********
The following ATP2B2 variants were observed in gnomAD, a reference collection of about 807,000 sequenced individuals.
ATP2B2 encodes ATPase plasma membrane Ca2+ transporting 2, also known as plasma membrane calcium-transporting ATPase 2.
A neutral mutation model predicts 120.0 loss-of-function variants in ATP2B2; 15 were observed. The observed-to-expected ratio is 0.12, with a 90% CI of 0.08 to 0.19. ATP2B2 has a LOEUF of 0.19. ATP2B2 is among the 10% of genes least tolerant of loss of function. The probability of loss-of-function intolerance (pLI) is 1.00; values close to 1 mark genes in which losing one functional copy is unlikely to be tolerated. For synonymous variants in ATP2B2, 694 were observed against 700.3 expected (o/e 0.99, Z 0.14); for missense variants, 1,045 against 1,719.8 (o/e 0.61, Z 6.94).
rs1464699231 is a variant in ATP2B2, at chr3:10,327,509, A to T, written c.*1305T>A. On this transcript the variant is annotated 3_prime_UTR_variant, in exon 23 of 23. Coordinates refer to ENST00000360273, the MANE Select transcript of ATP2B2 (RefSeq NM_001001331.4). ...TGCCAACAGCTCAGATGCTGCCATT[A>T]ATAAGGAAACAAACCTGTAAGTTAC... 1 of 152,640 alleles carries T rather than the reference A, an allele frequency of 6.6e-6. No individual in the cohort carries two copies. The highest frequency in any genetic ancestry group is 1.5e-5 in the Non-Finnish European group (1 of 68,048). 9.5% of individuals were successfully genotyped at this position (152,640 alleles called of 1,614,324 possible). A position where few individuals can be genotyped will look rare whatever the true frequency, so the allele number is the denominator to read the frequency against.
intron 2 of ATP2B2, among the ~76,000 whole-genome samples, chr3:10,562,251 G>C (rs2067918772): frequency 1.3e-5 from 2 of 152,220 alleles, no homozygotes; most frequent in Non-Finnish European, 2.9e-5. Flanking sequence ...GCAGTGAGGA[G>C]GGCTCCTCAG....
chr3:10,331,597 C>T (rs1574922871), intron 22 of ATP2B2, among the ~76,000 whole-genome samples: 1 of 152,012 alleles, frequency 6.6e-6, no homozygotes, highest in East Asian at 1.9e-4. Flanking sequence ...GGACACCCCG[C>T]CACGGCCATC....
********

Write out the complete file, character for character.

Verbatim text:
The following ATP2B2 variants were observed in gnomAD, a reference collection of about 807,000 sequenced individuals.
ATP2B2 encodes ATPase plasma membrane Ca2+ transporting 2, also known as plasma membrane calcium-transporting ATPase 2.
A neutral mutation model predicts 120.0 loss-of-function variants in ATP2B2; 15 were observed. The observed-to-expected ratio is 0.12, with a 90% CI of 0.08 to 0.19. ATP2B2 has a LOEUF of 0.19. ATP2B2 is among the 10% of genes least tolerant of loss of function. The probability of loss-of-function intolerance (pLI) is 1.00; values close to 1 mark genes in which losing one functional copy is unlikely to be tolerated. For synonymous variants in ATP2B2, 694 were observed against 700.3 expected (o/e 0.99, Z 0.14); for missense variants, 1,045 against 1,719.8 (o/e 0.61, Z 6.94).
rs1464699231 is a variant in ATP2B2, at chr3:10,327,509, A to T, written c.*1305T>A. On this transcript the variant is annotated 3_prime_UTR_variant, in exon 23 of 23. Coordinates refer to ENST00000360273, the MANE Select transcript of ATP2B2 (RefSeq NM_001001331.4). ...TGCCAACAGCTCAGATGCTGCCATT[A>T]ATAAGGAAACAAACCTGTAAGTTAC... 1 of 152,640 alleles carries T rather than the reference A, an allele frequency of 6.6e-6. No individual in the cohort carries two copies. The highest frequency in any genetic ancestry group is 1.5e-5 in the Non-Finnish European group (1 of 68,048). 9.5% of individuals were successfully genotyped at this position (152,640 alleles called of 1,614,324 possible). A position where few individuals can be genotyped will look rare whatever the true frequency, so the allele number is the denominator to read the frequency against.
intron 2 of ATP2B2, among the ~76,000 whole-genome samples, chr3:10,562,251 G>C (rs2067918772): frequency 1.3e-5 from 2 of 152,220 alleles, no homozygotes; most frequent in Non-Finnish European, 2.9e-5. Flanking sequence ...GCAGTGAGGA[G>C]GGCTCCTCAG....
chr3:10,331,597 C>T (rs1574922871), intron 22 of ATP2B2, among the ~76,000 whole-genome samples: 1 of 152,012 alleles, frequency 6.6e-6, no homozygotes, highest in East Asian at 1.9e-4. Flanking sequence ...GGACACCCCG[C>T]CACGGCCATC....